Post-charge questioning of ‘terror suspects’ – presumed guilty?
‘Terror suspects’ could be subjected to further questioning after a criminal charge, even up to the trial date. Saying nothing could count against them at trial. At present, once charged one can refuse to answer till their trial, without this being interpreted as a sign of guilt or deception.
‘Terrorist connection’ would justify a heavier sentence
Judges could give people longer sentences for ‘ordinary’ offences if they had a ‘terrorism connection’. For example, public order offences like organising an unauthorised demonstration, if a speaker allegedly supports a banned ‘terrorist’ organisation.
Confiscation of property without trial
Convicted ‘terrorists’ could have their property confiscated – such as bank accounts, vehicles, computers or even a house. The special procedure for doing this would not be a normal trial. It could involve secret evidence which the affected person would not be allowed to know. Any connections between the property and terrorism would only need to be shown ‘on the balance of probability’. Charities’ funds could be confiscated in the same way.
Extra punishment without trial beyond the original sentence
Convicted ‘terrorists’ could face a ban on foreign travel once released from jail. This would be done by a special order, not a trial. Those convicted could also face a requirement to tell the police where they go whenever they sleep away from home, in some cases for life.
New offence for volunteers of not giving information to police
It is already an offence under the 2001 terrorism law not to tell police of suspected terrorist activities if you find anything suspicious in the course of your employment. The 2008 Bill extends this to volunteer workers, for example in a youth project or charity. People might be over-suspicious and report imagined activities because they are afraid of being criminalised for concealment.  They also might be deterred from volunteering in a charity that sends money to Afghanistan or Palestine, for example.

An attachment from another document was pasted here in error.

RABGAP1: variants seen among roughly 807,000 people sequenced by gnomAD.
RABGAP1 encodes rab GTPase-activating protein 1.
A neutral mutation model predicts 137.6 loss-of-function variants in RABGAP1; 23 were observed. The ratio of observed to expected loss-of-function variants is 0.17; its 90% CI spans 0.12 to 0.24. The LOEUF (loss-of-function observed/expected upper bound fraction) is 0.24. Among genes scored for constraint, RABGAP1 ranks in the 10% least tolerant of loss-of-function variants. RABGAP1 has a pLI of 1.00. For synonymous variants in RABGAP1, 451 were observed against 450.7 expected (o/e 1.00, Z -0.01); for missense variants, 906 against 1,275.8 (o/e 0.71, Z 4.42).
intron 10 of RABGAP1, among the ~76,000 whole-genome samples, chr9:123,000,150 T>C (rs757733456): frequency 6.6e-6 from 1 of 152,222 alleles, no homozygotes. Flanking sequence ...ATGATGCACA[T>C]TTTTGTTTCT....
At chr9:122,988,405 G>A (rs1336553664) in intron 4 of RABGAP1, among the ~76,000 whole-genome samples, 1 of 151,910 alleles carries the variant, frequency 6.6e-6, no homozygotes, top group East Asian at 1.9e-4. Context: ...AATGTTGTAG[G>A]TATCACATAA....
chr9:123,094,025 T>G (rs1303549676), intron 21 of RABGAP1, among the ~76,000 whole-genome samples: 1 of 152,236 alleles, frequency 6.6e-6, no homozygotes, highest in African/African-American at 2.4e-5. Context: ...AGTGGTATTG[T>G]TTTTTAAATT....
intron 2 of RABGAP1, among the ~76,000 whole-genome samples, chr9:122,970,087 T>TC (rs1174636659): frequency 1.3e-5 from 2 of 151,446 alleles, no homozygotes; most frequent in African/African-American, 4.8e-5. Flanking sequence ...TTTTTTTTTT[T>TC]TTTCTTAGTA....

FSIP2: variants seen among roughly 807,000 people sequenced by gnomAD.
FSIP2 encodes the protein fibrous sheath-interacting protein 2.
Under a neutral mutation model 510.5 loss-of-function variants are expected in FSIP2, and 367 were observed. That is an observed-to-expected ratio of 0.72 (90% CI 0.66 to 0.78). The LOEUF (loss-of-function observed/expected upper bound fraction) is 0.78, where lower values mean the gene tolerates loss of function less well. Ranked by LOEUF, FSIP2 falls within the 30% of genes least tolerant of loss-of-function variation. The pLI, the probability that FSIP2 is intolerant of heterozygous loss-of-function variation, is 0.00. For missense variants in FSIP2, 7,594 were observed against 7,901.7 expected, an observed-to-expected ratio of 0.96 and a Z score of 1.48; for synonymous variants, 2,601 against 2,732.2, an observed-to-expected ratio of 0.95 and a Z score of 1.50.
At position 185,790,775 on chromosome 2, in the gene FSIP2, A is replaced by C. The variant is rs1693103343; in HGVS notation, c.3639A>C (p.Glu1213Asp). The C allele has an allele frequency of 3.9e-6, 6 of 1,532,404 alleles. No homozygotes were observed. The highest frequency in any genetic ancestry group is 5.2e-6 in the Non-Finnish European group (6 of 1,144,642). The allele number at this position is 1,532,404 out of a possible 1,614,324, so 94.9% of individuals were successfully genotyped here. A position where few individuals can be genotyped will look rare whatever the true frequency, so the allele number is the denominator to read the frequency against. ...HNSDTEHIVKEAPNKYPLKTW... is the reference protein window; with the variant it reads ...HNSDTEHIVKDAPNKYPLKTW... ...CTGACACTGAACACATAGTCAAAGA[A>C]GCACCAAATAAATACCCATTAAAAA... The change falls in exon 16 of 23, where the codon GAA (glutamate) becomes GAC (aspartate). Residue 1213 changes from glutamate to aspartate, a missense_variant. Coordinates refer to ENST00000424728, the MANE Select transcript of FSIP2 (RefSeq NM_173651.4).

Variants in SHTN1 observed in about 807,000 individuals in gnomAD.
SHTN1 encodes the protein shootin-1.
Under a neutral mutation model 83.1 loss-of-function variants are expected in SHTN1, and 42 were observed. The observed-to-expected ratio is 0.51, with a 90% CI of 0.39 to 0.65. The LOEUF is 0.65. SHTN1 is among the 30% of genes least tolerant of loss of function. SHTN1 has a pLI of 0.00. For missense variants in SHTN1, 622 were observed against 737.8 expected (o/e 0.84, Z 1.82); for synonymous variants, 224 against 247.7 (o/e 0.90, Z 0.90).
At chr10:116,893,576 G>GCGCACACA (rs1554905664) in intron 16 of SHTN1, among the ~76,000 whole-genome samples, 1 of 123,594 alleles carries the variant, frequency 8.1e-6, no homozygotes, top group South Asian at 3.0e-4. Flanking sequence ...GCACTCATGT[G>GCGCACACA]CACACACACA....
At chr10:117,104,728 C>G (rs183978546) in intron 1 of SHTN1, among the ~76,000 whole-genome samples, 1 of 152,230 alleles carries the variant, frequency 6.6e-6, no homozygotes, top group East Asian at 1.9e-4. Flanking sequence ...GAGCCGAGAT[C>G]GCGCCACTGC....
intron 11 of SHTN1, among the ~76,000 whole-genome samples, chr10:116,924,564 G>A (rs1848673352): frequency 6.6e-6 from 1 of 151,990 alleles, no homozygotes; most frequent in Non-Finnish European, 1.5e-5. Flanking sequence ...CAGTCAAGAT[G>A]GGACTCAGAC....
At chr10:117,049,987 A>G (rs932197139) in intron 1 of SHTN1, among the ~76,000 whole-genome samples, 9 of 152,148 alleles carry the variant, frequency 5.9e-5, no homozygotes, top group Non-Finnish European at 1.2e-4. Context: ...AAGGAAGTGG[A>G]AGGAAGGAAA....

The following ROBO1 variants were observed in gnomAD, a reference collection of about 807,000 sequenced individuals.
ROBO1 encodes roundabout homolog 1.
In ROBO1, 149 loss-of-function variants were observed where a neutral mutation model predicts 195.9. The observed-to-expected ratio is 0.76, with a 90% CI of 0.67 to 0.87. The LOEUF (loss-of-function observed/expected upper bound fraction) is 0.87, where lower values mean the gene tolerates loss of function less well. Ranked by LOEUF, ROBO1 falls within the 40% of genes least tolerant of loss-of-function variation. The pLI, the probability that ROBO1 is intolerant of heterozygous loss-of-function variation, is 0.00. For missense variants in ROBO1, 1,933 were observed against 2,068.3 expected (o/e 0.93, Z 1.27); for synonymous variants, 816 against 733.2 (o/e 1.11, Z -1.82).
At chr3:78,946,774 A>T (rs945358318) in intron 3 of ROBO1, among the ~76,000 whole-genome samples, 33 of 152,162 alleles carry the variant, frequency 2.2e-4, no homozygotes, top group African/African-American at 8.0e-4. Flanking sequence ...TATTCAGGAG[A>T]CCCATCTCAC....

New offence of providing information about the armed forces
The Bill would make it an offence to seek or communicate information about the armed forces which could be useful to terrorism. This could apply simply to peace protestors telling each other, for example, what happens at which gates of a military base.
Hiding evidence about police killings
The Bill would allow for the government to hold some inquests in secret, without juries, if evidence would be heard which they believe should not be made public in the interest of national security, international relations or any other public interest. Sensitive material about how and why a person was killed by the police or army would be hidden away and they would never be held properly to account.

For more information on the bill and a model letter to send your MP visit the CAMPACC Briefing Document Counter Terrorism Bill 2008. Please ask your MP to oppose these proposals!

Information in this post is from the announcement for this event.

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Mon, 10 Mar 2008

I'm not a terrorist, please let me travel

Please don't arrest me, I'm not a terrorist For the past two years or so I've been wearing a badge designed by Vivienne Westwood for the civil liberty organisation Liberty. On it is written in friendly letters ‘I am not a terrorist, please don't arrest me’. Liberty describes the writing as ‘a child-like scrawl plea’. It obviously works as I have not been arrested, or even stopped and searched, since I started wearing this badge.

The badge helps people realise that we must all adopt a rational attitude to the terrorist threats. We must promote measures that really do enhance our security and not security theatre measures that just inconvenience many innocents and do not make us any safer.